Oracle has announced that it will acquire networking solutions provider Tekelec in order to broaden its networking monetisation solutions portfolio.
Tekelec provides networking signalling, policy control and subscriber data management solutions for communications networks.
Of particular interest to Oracle is its Diameter and SS7 network signalling products, together with policy control and subscriber data management solutions.
Oracle said it wants to use Tekelec’s products together with its existing mission-critical operation support systems, service delivery and business support systems, as well as products from Oracle’s other recent acquisition Acme Packet, in order to help operators effectively allocate and monetise network resources.
“As connected devices and applications become ubiquitous, intelligent network and service control technologies are required to enable service providers to efficiently deploy all-IP networks, and deliver and monetise innovative communication services,” said Bhaskar Gorti, senior vice president and general manager, Oracle Communications.
Dana Cooperson, principal analyst at Ovum, said Oracle is moving further into the heart of telecom networks with this deal.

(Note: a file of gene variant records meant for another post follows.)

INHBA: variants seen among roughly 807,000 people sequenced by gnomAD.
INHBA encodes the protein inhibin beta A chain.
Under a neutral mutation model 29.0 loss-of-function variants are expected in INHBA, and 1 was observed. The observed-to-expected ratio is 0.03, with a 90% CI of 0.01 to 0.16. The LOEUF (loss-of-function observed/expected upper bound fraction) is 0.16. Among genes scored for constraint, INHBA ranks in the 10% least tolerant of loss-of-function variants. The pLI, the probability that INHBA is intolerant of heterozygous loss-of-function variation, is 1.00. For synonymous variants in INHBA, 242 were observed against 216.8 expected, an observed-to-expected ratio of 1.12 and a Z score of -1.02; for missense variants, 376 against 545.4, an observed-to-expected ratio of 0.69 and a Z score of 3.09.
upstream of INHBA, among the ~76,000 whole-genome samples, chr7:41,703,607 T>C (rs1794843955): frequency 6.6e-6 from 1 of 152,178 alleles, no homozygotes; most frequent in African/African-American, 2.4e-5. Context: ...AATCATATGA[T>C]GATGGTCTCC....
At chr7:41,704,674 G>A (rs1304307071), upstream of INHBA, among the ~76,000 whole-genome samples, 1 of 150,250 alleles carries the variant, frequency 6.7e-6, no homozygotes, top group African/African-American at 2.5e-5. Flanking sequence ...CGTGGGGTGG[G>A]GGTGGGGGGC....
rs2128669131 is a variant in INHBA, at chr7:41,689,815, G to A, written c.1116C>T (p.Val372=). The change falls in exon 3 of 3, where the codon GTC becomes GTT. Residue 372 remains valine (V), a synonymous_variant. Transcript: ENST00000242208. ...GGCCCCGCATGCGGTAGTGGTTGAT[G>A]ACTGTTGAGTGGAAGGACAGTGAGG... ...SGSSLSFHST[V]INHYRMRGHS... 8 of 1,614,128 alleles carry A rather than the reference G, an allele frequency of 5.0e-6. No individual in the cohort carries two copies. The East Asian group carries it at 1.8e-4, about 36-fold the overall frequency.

“Tekelec will extend Oracle Communication’s network control capabilities, which it also bolstered with its February announcement to acquire Acme Packet. Tekelec also focuses on extending its service control solutions, adding policy control and subscriber data management to its list of capabilities.
“Oracle has in the past partnered to provide these capabilities, but by bringing them in-house it will have more opportunity to shape the roadmap and combine the capabilities in a more tightly-coupled solution.
“Expect Oracle’s telecom-focused competitors (Alcatel-Lucent, Huawei, Ericsson, etc.) and its IT-focused competitors (HP, SAP, SAS Institute) to do more strategic soul-searching and, as their financial situation allows, to pursue acquisitions of their own. Key areas for strategic shoring-up include customer experience management, applications enablement, big data analytics, subscriber data management, and network and service control intelligence,” she said.
Network infrastructure vendor revenues across mobile and wireline declined by 6 percent in 2012, adds Ovum principal analyst Matt Walker.
“All vendors are facing the rise of software, data centers, and the cloud, true. IT is increasingly being absorbed into communications networks, and big vendors without software/IT strengths may lose out, or be bought. While big mergers are hard to absorb, Oracle’s Acme Packet deal is a start; more telecom-IT crossover is coming, as witnessed by Oracle’s Tekelec plans.”